Published in Projects
Thursday, 01 February 2007 00:00

Spruce it up

spruceWords by Jane Crittenden

Brighton-based design consultancy Platform fitted out the city’s first all-male grooming salon, creating an enticing, cutting-edge environment that avoids associations of powder pink and pampering, finds Jane Crittenden.

The clue is in the name. It speaks directly to the consumer with the exact masculine overtones needed to convey the image that the company sells, with the premises reinforcing this identity. Spruce, the first men only salon in Brighton, is the venture of ex-session stylist Johan van der Merwe. Elegantly dressed in understated black, he is as well-groomed and relaxed as the clients who walk out of his salon. His enthusiasm for his new business is infectious. But what exactly is a men’s grooming salon? “It is somewhere between a barber’s shop and a hairdressing salon but at the same time selling products and treatments, like facials and massages – all for men,” he explains.

For Johan, the move into the industry was a natural step in his career after specialising in male grooming while working with models on men’s magazines like GQ and Maxim. Bored of the scene, he decided to find premises near his home in Brighton, and hit on Kemp Town.

Kemp Town is a vibrant suburb east of the centre crammed with an eclectic collection of curious shops, foodie delights and independent boutiques. It could be described as the “pink pound” end of town but Johan is clear that Spruce is not just for the gay man, but simply for any man of any age keen to look after themselves.

The premises are tucked away on a street between a circus retailer and soap shop. It is not a particularly impressive road but like many areas of regeneration there is an edge to the street that attracts a certain type of retailer. It is a spot for those willing to gamble and hover the fine line between seedy and cool in the hope that it will become trendy and a prime retail space before long. The rawness of the building was what attracted Johan initially, which he describes as being “very masculine”. Exposed brick, timber floors and the industrial concrete ceilings were all features that he wanted to exploit but he wasn’t sure how to move the project forward.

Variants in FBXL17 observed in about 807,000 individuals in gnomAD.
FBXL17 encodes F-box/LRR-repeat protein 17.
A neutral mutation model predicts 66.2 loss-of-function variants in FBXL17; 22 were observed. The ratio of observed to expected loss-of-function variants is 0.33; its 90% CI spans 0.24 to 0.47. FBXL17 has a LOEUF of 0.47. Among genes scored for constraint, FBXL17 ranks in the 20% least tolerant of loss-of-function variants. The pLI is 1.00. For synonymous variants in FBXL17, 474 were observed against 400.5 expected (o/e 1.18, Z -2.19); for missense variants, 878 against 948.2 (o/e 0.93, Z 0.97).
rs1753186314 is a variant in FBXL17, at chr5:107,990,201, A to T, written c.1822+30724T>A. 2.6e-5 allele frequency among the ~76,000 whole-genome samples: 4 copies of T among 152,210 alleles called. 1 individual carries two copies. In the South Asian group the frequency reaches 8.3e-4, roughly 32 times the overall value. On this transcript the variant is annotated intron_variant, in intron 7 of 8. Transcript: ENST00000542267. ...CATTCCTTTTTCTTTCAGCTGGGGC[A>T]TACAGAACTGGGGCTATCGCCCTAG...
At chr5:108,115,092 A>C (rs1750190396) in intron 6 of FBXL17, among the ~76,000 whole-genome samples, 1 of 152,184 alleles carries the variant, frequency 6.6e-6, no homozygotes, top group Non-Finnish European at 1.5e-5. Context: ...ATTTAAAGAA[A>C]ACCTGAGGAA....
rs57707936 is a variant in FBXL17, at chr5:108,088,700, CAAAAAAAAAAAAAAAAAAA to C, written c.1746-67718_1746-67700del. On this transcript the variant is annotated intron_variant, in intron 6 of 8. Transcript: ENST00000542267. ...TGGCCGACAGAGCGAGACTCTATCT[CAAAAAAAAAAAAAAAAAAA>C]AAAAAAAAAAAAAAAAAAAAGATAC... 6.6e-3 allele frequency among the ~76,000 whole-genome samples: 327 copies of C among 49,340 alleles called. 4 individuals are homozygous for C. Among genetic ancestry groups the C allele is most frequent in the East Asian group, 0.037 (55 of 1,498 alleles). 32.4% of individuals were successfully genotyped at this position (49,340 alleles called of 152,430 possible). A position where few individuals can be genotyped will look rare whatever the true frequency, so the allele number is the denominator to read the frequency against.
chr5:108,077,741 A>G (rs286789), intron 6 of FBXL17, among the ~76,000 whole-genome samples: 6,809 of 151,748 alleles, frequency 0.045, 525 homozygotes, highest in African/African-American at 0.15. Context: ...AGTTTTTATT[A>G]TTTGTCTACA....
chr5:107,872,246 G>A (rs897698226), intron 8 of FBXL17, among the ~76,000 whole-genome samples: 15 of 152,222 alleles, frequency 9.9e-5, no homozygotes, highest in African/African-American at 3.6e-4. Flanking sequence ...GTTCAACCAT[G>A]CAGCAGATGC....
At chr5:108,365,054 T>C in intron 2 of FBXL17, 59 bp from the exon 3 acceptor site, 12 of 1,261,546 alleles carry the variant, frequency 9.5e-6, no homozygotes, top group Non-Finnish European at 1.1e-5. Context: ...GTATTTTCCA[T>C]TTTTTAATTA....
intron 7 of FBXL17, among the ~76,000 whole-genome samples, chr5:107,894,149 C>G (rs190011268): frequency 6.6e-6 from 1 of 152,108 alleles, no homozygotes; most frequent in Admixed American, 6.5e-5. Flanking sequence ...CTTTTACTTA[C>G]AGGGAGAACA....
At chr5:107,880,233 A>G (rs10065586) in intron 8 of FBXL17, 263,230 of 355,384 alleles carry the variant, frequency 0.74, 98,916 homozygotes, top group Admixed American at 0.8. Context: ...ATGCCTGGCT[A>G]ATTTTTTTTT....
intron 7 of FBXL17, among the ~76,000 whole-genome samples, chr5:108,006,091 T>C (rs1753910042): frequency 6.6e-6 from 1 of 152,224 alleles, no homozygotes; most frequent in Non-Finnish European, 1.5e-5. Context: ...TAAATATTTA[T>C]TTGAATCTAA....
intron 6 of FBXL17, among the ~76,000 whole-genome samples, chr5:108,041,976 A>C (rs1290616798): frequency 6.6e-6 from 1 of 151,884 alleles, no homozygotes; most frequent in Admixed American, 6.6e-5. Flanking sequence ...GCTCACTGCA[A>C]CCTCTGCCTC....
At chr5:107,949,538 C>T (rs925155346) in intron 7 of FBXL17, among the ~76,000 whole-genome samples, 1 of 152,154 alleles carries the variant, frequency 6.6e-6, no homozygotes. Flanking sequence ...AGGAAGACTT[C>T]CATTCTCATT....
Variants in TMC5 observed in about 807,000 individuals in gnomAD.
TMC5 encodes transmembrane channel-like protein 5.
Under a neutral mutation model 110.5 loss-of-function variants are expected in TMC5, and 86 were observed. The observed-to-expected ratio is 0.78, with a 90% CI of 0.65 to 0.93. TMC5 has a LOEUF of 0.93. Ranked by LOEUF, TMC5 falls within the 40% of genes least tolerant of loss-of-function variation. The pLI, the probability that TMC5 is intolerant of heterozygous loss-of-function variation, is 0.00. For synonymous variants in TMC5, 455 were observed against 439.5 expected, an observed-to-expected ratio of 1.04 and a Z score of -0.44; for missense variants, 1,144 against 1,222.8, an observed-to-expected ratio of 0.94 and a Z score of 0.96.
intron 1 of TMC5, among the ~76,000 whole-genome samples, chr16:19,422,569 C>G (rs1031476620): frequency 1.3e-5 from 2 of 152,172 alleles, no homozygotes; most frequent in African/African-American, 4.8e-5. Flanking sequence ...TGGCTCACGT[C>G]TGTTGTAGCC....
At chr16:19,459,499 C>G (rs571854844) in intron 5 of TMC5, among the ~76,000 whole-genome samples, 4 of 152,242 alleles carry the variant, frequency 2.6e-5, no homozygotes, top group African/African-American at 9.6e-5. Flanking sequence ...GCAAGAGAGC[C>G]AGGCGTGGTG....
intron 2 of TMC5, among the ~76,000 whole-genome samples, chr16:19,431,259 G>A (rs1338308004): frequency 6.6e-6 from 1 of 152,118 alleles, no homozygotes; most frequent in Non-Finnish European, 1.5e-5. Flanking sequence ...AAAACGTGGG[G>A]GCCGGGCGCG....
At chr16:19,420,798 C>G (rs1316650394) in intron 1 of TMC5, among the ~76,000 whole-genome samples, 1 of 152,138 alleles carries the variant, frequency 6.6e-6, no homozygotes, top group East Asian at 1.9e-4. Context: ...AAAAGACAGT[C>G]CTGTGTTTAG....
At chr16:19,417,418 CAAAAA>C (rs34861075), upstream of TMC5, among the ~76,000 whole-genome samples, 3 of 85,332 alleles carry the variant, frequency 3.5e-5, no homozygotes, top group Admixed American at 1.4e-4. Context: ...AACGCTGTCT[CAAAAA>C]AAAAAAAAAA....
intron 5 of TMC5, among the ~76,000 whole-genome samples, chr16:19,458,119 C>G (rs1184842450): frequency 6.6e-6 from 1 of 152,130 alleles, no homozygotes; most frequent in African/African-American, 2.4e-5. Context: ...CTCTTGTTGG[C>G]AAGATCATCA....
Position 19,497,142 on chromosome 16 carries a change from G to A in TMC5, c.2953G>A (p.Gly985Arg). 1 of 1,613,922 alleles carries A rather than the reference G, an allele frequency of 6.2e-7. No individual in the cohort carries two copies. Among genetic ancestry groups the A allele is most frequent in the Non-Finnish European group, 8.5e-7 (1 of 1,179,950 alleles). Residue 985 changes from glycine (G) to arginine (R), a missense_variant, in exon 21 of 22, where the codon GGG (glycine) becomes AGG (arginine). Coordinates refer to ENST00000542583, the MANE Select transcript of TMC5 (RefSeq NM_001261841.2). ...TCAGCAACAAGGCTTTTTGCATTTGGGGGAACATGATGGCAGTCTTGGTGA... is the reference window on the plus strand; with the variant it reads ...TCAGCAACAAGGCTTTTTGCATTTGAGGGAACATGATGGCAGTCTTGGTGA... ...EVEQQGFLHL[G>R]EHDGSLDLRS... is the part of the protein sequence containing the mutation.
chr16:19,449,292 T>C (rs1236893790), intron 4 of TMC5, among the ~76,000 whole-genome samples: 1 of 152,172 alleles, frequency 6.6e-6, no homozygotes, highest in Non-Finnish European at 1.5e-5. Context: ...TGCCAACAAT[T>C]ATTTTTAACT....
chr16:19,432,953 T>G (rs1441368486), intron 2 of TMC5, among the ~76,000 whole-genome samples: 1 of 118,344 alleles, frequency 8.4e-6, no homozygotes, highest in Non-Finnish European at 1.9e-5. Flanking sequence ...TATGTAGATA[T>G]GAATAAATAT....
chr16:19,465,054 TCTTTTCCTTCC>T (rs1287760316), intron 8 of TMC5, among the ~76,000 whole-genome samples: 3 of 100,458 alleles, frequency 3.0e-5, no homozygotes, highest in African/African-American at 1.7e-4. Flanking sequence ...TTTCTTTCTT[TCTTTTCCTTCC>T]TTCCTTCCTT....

By chance, Johan came across locally-based design consultancy Platform, who are experienced in hair salon and beauty spa projects in the USA. Spruce was a tiny project by comparison, at a mere 33sq m, but it was this small scale and Johan’s ideas that particularly piqued Platform’s interest.

Since male grooming is a fledgling industry, Johan was acutely aware that men might feel uncomfortable about making an appointment or dropping by, particularly if the place looked too cool, too trendy and intimidating. His vision was to somehow hang onto that contemporary feel but balance it with an atmosphere that was warm, welcoming and non-exclusive. His aim was to encourage men to pop in on a regular basis, have a chat and a drink, which was why the bar became a central theme. “If we had people sitting on sofas by the window waiting for their appointment then the interaction wouldn’t be right,” he says. “Sitting at the bar means people can talk over a coffee or a glass of wine so that it becomes a space that makes you curious enough to want to come in and hang out.”

The staff, of course, strongly contribute to the welcoming, friendly atmosphere of Spruce. Johan (rather apologetically) says he only wanted male employees and looked for a mix of personalities as well as diversity of experience so that the salon would appeal to as broad a male audience as possible. “I had to search long and hard to find a male beauty therapist, but it was important as male grooming is still such a new thing and guys can be a bit apprehensive about it. At least if they are surrounded by us – and we’ve tried all the treatments – it is much easier for them to talk about what they want and for us to share our knowledge.”

Beyond creating this community atmosphere, Johan says he gave little direction to Platform other than describing the functional aspects of the business, so there would be areas for haircutting, washing and treatments. Max Eaglen, one of Platform’s directors, explains that designing a masculine space was key to Johan’s vision. “Research for previous salon projects showed us there was this trend for gilded mirrors and French antique-style furniture. We wanted to stay away from that because we didn’t want to make the customer feel uncomfortable. The new metrosexual doesn’t want a feminine environment so the space needed to look classic and tough,” he says.